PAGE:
The artists mentioned above span a broad swathe of form, medium and style. What unites them is that they were all born in mainland Europe. Some, including Lely (born Pieter van der Faes in Westphalia) and his successor as court portraitist. Sir Godfrey Kneller (born Gottfried Kniller of Lübeck), settled and became British citizens; many others passed through. British Baroque is thus something of a misnomer (its earlier moniker, Baroque in Britain, would have been more accurate; Baroque in London and the south-east more accurate still). This was an exceptionally cosmopolitan artistic milieu, but the Tate does little to illuminate the forces that brought artists in and out of the British Isles.

Sir Godfrey Kneller. John Churchill, 1st Duke of Marlborough, c1706. Oil paint on canvas, 92.7 x 73.7 cm. National Portrait Gallery, London.

The exhibition’s other head-scratcher is its choice of dates. We begin with Charles’s Restoration in 1660 and conclude with death of Queen Anne in 1714. But the cultural movement that we now know as baroque was well underway at the start of the 17th century, and for once Britain caught on relatively quickly. Charles I – a third-rate king, but a first-rate collector and commissioner of art – managed to coax the Flemish titans Peter Paul Rubens and Anthony van Dyck over, as well as the Italian Caravaggisti Orazio and Artemisia Gentileschi. By the time the exhibition commences, all four were dead. It was a strange decision to mount this exhibition without their presence, even as their influence pervades.

Benedetto Gennari. The Annunication, 1686. Oil paint on canvas, 255.3 x 210.2 cm. The Ringling, Sarasota, Florida. Bequest of John Ringling.

Despite this curtailment, Baroque Britain is overstuffed with a confusion of riches. There is both too little and too much. Subjects worth in-depth exploration – the development of a classically inspired architecture and horticulture, the embrace of Italian-style painted rooms in stately homes, the era’s advancement of science, contemporary furniture and decorative art – flutter by abruptly. The most egregious absence is a sustained consideration of religion. Baroque art blossomed out from the Counter-Reformation in Rome, and its initial subject matter was religious; its expansion into other genres, or the retroactive drawing of these works into the orbit of the Baroque, came later. Britain was racked by religious division throughout the century, leading up to the Catholic James II’s overthrow in 1688. There are some tantalising glimpses into the aesthetic to-and-fro of the time. Benedetto Gennari’s exceptional Annunciation altarpiece for James II’s Catholic chapel at Whitehall (1686) offers a glimpse of what could have been had the country followed his embrace of Roman aesthetics. But an issue that deserves centre stage is relegated to the orchestra pit.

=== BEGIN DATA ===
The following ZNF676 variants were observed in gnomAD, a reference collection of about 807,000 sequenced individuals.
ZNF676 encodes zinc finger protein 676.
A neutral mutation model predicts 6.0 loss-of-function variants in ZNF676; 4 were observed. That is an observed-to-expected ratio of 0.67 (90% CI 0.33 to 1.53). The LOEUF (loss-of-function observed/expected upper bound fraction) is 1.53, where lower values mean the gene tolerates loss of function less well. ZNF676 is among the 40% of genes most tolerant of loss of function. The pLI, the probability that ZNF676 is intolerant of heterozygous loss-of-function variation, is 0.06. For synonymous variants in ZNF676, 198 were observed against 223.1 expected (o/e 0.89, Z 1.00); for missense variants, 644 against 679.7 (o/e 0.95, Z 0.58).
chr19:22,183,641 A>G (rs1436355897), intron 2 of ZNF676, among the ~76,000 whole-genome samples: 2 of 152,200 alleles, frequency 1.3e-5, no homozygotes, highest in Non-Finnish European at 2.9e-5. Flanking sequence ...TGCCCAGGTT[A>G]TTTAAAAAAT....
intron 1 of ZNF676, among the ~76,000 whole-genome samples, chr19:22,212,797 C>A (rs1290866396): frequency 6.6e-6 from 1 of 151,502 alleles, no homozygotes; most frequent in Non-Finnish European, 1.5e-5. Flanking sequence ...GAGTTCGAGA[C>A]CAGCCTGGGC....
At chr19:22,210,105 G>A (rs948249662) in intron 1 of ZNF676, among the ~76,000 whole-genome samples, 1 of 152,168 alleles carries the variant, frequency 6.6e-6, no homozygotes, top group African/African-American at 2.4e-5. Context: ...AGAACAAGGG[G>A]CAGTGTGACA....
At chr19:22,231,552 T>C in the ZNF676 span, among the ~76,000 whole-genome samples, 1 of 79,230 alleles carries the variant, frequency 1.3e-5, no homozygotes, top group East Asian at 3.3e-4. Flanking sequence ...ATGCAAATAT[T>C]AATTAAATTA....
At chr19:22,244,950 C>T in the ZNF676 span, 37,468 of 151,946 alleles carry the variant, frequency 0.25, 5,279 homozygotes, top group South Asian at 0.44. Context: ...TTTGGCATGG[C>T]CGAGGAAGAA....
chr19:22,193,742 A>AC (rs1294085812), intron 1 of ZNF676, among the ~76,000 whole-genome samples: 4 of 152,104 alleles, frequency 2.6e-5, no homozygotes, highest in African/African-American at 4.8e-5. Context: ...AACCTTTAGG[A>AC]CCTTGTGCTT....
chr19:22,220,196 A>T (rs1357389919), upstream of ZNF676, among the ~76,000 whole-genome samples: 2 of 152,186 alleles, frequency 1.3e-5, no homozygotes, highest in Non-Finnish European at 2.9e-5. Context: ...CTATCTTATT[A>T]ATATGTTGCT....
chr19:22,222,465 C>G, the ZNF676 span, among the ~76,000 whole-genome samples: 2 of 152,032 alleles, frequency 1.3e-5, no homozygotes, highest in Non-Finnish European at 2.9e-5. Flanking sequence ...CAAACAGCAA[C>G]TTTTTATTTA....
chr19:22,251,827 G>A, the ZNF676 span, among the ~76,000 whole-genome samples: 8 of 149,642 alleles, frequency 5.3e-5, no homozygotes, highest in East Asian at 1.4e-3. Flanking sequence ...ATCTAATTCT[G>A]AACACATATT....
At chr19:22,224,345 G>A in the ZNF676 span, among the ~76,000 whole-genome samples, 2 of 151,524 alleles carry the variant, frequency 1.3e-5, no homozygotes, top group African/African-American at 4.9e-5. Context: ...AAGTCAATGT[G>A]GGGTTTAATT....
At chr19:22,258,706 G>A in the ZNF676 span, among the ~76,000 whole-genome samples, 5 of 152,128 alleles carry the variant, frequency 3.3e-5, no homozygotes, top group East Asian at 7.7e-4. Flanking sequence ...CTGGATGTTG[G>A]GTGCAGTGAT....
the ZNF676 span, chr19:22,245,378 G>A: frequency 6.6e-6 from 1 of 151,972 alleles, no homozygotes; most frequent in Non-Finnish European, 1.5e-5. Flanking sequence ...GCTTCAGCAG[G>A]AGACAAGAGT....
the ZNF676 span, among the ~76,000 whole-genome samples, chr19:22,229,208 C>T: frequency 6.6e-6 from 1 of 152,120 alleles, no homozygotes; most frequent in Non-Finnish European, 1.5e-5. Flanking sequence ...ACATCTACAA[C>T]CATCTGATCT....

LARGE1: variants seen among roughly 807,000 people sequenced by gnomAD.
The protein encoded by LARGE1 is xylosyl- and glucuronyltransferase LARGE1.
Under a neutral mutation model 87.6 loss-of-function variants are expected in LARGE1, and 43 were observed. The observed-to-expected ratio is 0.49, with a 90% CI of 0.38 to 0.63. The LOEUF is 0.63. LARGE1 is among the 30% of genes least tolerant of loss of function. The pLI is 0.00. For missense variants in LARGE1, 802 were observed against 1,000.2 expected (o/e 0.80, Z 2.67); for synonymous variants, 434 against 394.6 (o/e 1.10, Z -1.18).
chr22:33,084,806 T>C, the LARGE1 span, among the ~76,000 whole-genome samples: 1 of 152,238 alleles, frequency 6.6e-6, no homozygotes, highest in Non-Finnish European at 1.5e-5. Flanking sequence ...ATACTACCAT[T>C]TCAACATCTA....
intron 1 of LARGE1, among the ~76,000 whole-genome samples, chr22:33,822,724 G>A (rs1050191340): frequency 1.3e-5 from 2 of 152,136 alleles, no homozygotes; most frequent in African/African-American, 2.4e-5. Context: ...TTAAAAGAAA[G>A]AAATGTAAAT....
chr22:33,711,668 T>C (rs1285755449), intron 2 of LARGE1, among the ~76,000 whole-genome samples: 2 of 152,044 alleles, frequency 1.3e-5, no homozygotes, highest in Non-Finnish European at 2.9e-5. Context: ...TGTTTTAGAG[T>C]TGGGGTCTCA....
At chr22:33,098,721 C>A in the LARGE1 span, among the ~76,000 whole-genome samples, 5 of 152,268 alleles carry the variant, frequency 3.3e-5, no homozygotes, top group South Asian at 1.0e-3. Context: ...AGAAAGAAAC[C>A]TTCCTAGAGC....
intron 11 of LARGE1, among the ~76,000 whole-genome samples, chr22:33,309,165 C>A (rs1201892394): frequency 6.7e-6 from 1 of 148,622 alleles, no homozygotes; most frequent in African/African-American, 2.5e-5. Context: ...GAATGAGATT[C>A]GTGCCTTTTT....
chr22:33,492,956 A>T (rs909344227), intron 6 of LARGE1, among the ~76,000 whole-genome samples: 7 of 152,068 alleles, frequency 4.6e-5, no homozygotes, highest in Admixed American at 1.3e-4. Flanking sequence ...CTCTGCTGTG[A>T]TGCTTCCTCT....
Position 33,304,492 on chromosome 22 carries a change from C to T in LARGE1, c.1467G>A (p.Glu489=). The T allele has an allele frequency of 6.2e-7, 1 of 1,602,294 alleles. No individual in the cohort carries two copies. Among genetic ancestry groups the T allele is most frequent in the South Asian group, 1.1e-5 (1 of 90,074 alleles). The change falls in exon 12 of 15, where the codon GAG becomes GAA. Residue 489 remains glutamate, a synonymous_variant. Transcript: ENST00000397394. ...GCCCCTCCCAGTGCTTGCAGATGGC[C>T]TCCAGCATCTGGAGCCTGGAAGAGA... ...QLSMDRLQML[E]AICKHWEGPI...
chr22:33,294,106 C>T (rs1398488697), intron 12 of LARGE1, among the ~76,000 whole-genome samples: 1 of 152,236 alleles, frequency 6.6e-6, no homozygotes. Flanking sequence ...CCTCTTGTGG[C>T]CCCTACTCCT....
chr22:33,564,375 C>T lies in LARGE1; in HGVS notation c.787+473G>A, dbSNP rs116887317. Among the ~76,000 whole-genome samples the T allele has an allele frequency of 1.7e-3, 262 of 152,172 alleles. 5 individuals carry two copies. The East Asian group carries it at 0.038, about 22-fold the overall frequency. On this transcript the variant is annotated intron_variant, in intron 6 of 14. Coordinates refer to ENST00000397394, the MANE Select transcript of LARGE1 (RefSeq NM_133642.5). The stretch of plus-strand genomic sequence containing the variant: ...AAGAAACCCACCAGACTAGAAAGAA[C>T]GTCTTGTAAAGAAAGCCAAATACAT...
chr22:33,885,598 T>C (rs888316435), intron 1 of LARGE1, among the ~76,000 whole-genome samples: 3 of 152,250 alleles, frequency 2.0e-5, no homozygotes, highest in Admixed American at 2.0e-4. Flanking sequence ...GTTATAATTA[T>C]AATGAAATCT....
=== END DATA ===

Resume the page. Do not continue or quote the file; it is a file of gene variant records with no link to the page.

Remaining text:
With such a paucity of religious art, portraiture predominates. This is often lively and engaging, especially in its most eccentric manifestations – Jacob Huysmans’ Duke of Monmouth (c1662-5) as the slightly heavier-set brother of Caravaggio’s St John, or Henri Gascar’s Duke of York (1672-3) as a peacocking Roman general. The stories that animate these portraits are often absent. The excellent Charles II: Art and Power, a Royal Collection Trust exhibition that first opened at London’s ostensibly conservative-minded Queen’s Gallery in 2017,  did not stint from the political controversies of the time, nor the salacious liaisons of the Restoration court. It is curious to find the Tate’s take on the period so comparatively polite.

After the Glorious Revolution, Parliament rose in prominence and the power of the monarchy abated. The last two rooms of the exhibition deal with the second half of the chosen period. The earlier splendour gives way to sober military scenes and dour politicians; squint and you could be in the National Portrait Gallery. There are moments of elevation: Kneller’s teasing, poised double portrait of Sarah Churchill, Duchess of Marlborough playing cards with Viscountess Fitzharding is a late highlight. Yet at this point, we seem a long away from the high baroque of Verrio and Gennari, with little enlightenment on how we arrived there. This is the Tate’s first ever exhibition devoted to this epoch, and it makes a strong case for a greater understanding of it. But you won’t necessarily find that understanding here.